The Hunger Games, filmed entirely in North Carolina, was a big hit when it came out earlier this year. Since then, there has been much speculation as to where its sequelThe Hunger Games: Catching Fire will be filmed. Recently, Lionsgate has announced in a press release its plans to film Catching Fire this fall on location in Hawaii, and in and near Atlanta, Georgia, including Clayton County.

Soon after the Lionsgate’s press release, the Clayton County Board of Commissioners in Georgia made its own announcement. The Board has unanimously granted the producers of Catching Fire the right to film at Clayton County International Park in Jonesboro, Georgia. Catching Fire will be filming scenes in the park throughout late October and November of this year.

The water park at Clayton County International Park is the film location for the cornucopia scenes of Catching Fire - image via  Google .

The water park at Clayton County International Park is the film location for the cornucopia scenes of Catching Fire - image via Google.


The Economic Impact of Being a Film Location

This decision by the Board of Commissioners could not have been more timely for Clayton because the county has been suffering from a high rate of foreclosures and unemployment.

Catching Fire is the latest in a series of big-budget films made in Clayton County in the two years since the county started a film and entertainment office. Within this time period, the film industry has created 100 permanent jobs for Clayton County, essentially a $5 million to $10 million increase in the county’s revenue. This economic injection has been a godsend to Clayton.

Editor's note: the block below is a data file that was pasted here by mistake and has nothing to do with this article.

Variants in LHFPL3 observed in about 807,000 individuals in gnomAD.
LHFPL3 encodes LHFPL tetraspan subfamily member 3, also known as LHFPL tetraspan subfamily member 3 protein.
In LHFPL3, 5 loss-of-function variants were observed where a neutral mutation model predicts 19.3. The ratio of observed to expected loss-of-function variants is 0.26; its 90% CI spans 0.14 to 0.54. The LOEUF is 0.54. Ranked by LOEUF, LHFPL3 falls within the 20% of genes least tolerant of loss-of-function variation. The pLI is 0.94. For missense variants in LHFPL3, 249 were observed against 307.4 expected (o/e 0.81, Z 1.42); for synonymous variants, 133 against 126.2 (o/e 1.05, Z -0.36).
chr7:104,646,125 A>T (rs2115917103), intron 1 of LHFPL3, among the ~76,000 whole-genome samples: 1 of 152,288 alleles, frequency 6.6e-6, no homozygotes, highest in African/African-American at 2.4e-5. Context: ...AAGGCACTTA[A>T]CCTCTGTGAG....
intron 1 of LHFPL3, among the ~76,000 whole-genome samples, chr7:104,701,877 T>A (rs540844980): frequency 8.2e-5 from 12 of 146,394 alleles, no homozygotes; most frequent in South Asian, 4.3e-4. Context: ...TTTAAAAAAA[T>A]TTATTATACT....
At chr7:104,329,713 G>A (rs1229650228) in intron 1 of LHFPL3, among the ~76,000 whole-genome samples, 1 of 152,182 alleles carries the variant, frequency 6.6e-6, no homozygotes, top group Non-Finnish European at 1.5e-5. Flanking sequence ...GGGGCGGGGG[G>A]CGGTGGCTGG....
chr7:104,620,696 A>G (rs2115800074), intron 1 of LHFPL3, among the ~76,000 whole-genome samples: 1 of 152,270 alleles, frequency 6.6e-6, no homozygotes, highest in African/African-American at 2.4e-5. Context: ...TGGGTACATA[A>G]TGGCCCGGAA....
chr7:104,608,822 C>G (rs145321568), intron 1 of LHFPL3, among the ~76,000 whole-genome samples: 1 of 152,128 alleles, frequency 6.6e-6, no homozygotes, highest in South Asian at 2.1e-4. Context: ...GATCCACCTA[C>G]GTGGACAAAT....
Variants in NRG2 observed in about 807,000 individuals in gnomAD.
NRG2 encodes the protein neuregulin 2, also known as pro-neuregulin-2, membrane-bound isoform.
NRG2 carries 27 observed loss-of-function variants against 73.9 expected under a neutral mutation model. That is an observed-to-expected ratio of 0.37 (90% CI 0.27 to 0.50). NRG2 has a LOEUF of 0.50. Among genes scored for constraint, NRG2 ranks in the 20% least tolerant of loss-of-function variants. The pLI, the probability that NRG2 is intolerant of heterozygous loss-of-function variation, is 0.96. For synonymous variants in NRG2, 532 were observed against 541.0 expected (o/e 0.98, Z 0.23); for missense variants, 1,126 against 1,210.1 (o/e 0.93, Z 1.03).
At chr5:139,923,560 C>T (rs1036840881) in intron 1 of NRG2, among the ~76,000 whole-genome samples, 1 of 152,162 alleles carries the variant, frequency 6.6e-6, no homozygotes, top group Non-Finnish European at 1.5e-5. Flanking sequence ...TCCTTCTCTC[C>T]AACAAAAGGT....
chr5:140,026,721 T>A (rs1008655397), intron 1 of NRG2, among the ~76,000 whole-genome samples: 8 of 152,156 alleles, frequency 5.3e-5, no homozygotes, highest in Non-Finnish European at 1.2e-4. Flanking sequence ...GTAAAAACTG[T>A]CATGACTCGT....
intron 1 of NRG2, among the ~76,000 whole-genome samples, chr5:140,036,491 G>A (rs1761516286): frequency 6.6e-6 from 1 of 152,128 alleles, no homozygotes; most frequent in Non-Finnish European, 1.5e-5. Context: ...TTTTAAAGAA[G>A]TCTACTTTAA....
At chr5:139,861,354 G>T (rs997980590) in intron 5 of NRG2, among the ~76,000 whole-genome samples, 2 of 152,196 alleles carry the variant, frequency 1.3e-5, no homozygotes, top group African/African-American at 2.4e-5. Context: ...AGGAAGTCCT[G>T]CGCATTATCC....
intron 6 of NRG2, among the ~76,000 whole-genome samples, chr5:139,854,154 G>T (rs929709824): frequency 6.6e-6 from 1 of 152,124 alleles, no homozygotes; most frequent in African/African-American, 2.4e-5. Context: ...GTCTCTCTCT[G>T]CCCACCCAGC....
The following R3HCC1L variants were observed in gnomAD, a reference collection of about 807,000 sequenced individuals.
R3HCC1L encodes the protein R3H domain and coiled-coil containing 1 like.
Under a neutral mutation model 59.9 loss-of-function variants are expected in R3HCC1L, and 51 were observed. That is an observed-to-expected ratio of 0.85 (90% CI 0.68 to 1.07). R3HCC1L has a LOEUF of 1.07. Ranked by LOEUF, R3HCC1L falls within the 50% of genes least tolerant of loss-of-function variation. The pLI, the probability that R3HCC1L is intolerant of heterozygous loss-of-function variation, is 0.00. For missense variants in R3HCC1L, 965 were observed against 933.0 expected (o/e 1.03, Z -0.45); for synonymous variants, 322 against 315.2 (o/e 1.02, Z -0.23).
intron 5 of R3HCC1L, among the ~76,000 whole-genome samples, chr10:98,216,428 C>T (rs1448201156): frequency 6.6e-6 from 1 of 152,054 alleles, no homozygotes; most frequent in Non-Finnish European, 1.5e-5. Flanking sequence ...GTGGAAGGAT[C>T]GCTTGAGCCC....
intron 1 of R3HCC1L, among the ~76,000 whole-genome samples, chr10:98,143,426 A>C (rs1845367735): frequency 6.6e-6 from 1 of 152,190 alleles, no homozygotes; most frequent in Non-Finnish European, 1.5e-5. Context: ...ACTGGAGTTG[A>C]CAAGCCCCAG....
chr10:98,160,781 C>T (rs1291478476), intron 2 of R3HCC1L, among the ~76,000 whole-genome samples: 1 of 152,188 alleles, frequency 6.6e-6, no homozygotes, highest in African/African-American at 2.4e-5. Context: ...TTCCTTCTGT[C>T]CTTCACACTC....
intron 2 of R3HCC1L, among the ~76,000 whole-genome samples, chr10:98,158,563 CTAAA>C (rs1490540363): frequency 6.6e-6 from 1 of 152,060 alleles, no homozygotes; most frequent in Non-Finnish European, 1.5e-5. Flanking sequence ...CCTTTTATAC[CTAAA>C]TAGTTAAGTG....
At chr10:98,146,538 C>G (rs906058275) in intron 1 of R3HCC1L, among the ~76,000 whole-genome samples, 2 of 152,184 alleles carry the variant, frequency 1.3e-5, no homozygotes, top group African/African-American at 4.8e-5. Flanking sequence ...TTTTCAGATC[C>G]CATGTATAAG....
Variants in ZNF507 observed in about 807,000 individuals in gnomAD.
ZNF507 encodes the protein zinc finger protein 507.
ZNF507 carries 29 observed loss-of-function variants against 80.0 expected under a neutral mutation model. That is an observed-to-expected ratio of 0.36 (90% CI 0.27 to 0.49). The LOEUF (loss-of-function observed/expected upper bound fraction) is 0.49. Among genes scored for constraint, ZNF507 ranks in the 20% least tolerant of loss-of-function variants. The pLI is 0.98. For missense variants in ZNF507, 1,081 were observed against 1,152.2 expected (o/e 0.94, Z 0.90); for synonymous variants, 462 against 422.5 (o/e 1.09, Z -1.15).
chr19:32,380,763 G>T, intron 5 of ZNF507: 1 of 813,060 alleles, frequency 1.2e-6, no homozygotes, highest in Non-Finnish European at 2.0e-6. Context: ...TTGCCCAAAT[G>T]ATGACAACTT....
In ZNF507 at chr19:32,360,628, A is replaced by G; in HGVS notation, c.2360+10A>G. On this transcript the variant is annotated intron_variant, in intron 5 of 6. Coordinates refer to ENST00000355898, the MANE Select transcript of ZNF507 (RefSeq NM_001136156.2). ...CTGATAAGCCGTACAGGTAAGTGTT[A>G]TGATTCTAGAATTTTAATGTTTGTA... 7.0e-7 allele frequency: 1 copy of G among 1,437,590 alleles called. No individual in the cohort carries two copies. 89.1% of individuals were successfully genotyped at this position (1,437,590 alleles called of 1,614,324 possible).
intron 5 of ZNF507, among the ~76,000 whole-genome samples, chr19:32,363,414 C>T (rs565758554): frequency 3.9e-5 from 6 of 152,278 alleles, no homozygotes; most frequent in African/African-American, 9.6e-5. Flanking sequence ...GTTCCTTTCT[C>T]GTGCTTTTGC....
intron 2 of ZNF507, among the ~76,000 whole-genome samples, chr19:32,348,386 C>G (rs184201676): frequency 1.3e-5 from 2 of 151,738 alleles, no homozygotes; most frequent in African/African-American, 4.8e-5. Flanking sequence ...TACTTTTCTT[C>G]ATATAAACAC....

As to Catching Fire, the production will pay $80,000 in order to film a few scenes in the park. In addition, the county’s economy will also benefit when the production starts spending money on the usual costs that come with moviemaking (extras, police security, restaurants, accommodations, local film crew, etc.). For example, off-duty Clayton police officers will earn $45 an hour for their security services, and a Clayton County Water Authority worker will take home $75 an hour as he drains and refills the park’s lake.

“Lionsgate has been a longtime partner of Georgia’s entertainment industry being the first production company to take advantage of our film tax incentives in 2005. The fact that they are continuing to bring productions including this high profile franchise to Georgia reaffirms their commitment to our talented crew, diverse locations and accessibility,” said Georgia Department of Economic Development Commissioner Chris Cummiskey.


Three Reasons Why Hollywood Loves Filming in Clayton County

In addition to Georgia’s generous film tax credits, Clayton has several other attractive qualities that have drawn Hollywood to film in the area for years.


1. Diverse Landscapes

Clayton’s location and geography, and its ability to be both rural and suburban, historic and futuristic, are attractive to filmmakers. It’s one of the major reasons why Clayton landmarks and landscapes have continued to grace the screens (small and big).